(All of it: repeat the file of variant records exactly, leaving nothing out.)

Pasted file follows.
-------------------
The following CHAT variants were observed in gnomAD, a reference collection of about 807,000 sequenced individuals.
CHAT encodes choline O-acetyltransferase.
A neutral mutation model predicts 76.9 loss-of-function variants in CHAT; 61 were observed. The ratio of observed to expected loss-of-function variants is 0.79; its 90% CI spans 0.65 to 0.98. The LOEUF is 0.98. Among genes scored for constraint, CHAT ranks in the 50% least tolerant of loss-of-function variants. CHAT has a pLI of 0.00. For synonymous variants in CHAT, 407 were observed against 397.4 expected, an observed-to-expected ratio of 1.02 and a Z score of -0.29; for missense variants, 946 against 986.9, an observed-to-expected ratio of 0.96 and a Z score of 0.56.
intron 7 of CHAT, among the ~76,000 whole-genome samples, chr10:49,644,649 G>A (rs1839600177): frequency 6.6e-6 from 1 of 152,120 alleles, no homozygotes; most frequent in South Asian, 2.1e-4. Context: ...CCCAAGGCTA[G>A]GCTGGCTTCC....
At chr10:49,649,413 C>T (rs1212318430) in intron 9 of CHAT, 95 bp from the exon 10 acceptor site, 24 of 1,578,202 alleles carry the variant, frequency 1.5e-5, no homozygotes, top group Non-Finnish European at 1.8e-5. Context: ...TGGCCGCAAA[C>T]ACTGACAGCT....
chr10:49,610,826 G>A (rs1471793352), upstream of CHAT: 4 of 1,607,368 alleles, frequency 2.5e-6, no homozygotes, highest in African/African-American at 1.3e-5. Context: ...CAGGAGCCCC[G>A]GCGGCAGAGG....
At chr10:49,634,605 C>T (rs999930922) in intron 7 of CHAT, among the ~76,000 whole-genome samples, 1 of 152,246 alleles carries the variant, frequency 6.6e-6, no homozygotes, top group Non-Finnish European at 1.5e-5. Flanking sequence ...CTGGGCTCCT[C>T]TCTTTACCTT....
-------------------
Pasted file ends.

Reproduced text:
The following CHAT variants were observed in gnomAD, a reference collection of about 807,000 sequenced individuals.
CHAT encodes choline O-acetyltransferase.
A neutral mutation model predicts 76.9 loss-of-function variants in CHAT; 61 were observed. The ratio of observed to expected loss-of-function variants is 0.79; its 90% CI spans 0.65 to 0.98. The LOEUF is 0.98. Among genes scored for constraint, CHAT ranks in the 50% least tolerant of loss-of-function variants. CHAT has a pLI of 0.00. For synonymous variants in CHAT, 407 were observed against 397.4 expected, an observed-to-expected ratio of 1.02 and a Z score of -0.29; for missense variants, 946 against 986.9, an observed-to-expected ratio of 0.96 and a Z score of 0.56.
intron 7 of CHAT, among the ~76,000 whole-genome samples, chr10:49,644,649 G>A (rs1839600177): frequency 6.6e-6 from 1 of 152,120 alleles, no homozygotes; most frequent in South Asian, 2.1e-4. Context: ...CCCAAGGCTA[G>A]GCTGGCTTCC....
At chr10:49,649,413 C>T (rs1212318430) in intron 9 of CHAT, 95 bp from the exon 10 acceptor site, 24 of 1,578,202 alleles carry the variant, frequency 1.5e-5, no homozygotes, top group Non-Finnish European at 1.8e-5. Context: ...TGGCCGCAAA[C>T]ACTGACAGCT....
chr10:49,610,826 G>A (rs1471793352), upstream of CHAT: 4 of 1,607,368 alleles, frequency 2.5e-6, no homozygotes, highest in African/African-American at 1.3e-5. Context: ...CAGGAGCCCC[G>A]GCGGCAGAGG....
At chr10:49,634,605 C>T (rs999930922) in intron 7 of CHAT, among the ~76,000 whole-genome samples, 1 of 152,246 alleles carries the variant, frequency 6.6e-6, no homozygotes, top group Non-Finnish European at 1.5e-5. Flanking sequence ...CTGGGCTCCT[C>T]TCTTTACCTT....